The moment, therefore, has come when you must of necessity make a decision on his case. For you are well aware, men of Athens, that it is not possible for you to live with our ancestral laws and with Andocides at the same time: it must be one of two things, either you must wipe out the laws, or you must get rid of the man.

He has carried audacity to such a pitch that he actually refers to the law we have made regarding him as one that has been abolished,[*](A decree of Isotimides excluded from the market-place and the temples those impious persons who had obtained immunity by laying information against others.) and claims liberty henceforth to enter the market-place and the temples---even today in the Council House of the Athenians.

Yet Pericles, they say, advised you once that in dealing with impious persons you should enforce against them not only the written but the unwritten laws also, which the Eumolpidae[*](The hereditary priests of Eleusis, who pronounced orally on cases of conscience, etc., and were the repositories of traditional, as distance from codified, custom.) follow in their exposition, and which no one has yet had the authority to abolish or the audacity to gainsay,—laws whose very author is unknown: he judged that they would thus pay the penalty, not merely to men, but also to the gods.

But Andocides has shown such contempt for the gods and for those whose duty it is to avenge them, that before he had been resident in the city ten days he instituted proceedings for impiety before the king-archon, and lodged his complaint,[*]((πρόσκλησις) was the citation of the person accused, and λῆξις was the formal complaint before the magistrate.) though he was Andocides, and had not only done what that person has done with regard to the gods, but asserted—and here you should give your closest attention—that Archippus was guilty of an impiety against the Hermes of his house. Archippus countered this with a sworn statement that the Hermes was sound and entire and had in no way been treated like the other figures of the god:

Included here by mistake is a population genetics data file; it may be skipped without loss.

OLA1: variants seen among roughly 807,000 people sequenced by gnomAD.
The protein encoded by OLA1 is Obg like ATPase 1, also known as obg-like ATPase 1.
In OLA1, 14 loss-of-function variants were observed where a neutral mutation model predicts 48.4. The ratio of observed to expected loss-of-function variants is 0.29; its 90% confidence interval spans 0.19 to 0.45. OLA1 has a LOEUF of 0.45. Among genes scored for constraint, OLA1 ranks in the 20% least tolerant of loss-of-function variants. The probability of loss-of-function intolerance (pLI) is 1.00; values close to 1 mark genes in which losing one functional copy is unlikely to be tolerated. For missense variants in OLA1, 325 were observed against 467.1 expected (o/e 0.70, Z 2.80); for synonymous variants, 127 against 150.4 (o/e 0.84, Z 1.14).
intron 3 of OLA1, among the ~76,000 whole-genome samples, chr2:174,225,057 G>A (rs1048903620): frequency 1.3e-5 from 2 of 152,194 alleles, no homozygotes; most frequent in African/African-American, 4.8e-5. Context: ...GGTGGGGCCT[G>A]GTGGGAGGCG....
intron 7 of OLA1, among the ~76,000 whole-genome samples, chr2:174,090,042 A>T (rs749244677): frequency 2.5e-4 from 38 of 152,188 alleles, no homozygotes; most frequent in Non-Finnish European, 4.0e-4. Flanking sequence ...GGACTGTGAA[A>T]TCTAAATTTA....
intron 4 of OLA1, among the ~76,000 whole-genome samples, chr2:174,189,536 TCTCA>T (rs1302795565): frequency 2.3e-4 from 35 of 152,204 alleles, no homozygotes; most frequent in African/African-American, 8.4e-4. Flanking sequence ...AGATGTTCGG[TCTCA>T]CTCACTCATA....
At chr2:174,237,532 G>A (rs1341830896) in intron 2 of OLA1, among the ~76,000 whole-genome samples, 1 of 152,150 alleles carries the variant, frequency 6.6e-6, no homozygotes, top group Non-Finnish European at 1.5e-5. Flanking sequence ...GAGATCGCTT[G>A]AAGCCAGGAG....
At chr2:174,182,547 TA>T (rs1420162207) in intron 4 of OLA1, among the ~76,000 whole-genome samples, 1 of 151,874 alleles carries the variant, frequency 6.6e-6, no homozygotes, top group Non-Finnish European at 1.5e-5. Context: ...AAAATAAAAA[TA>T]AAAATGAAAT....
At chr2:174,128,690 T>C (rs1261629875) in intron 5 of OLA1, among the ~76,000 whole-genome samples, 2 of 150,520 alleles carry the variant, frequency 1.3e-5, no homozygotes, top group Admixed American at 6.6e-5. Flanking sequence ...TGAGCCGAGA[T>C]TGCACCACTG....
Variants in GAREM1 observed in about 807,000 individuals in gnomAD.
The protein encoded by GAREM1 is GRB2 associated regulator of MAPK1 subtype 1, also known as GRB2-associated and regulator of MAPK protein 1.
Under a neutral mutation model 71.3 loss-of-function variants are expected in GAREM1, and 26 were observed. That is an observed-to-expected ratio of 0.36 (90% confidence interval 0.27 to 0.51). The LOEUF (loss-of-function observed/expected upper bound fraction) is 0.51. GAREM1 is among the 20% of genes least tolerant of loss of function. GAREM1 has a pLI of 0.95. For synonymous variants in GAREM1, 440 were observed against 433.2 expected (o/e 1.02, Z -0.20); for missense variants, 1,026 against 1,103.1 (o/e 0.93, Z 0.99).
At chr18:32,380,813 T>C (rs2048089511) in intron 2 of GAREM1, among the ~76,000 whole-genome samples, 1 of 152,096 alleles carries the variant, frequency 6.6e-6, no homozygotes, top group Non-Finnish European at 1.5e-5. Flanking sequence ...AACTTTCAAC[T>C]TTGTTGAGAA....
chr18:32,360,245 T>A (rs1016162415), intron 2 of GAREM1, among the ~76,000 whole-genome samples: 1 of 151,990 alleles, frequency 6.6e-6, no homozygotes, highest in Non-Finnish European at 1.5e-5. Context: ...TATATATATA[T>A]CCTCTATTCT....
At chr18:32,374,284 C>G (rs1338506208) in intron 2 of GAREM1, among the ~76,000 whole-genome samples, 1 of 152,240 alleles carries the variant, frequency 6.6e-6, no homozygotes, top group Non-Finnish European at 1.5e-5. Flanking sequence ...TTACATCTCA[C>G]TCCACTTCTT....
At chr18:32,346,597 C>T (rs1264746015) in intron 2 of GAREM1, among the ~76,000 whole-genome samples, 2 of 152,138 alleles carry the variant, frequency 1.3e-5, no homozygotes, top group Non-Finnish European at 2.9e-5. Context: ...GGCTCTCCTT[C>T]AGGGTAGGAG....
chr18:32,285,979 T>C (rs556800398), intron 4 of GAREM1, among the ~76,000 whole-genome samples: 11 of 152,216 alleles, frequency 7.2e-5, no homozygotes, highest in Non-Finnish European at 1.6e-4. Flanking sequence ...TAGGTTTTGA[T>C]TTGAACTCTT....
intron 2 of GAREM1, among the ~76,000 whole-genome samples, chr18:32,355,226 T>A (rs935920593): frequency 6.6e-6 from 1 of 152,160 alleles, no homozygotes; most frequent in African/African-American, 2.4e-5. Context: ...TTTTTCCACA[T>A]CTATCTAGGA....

but at the same time, to avoid being troubled by a man of Andocides’ sort, he got his release by a payment of money. Well now, since Andocides has sought to exact a penalty from another for impiety, surely justice and piety require that others should exact one from him.

But he will say it is strange that the denouncer should suffer the extreme penalty, while the denounced are to retain their full rights and share the same privileges with you. Nay, in fact, he will not speak in his own defence, but will accuse the rest. Now of course the persons who ordered the recall of the rest are in the wrong, and are guilty of the same impiety as they: but if you, with your supreme authority, are yourselves the persons who have cheated the gods of their vengeance, it is certainly not those men who will be the guilty ones. Then do not allow this charge to rebound on you, when you are free to clear yourselves by punishing the wrongdoer.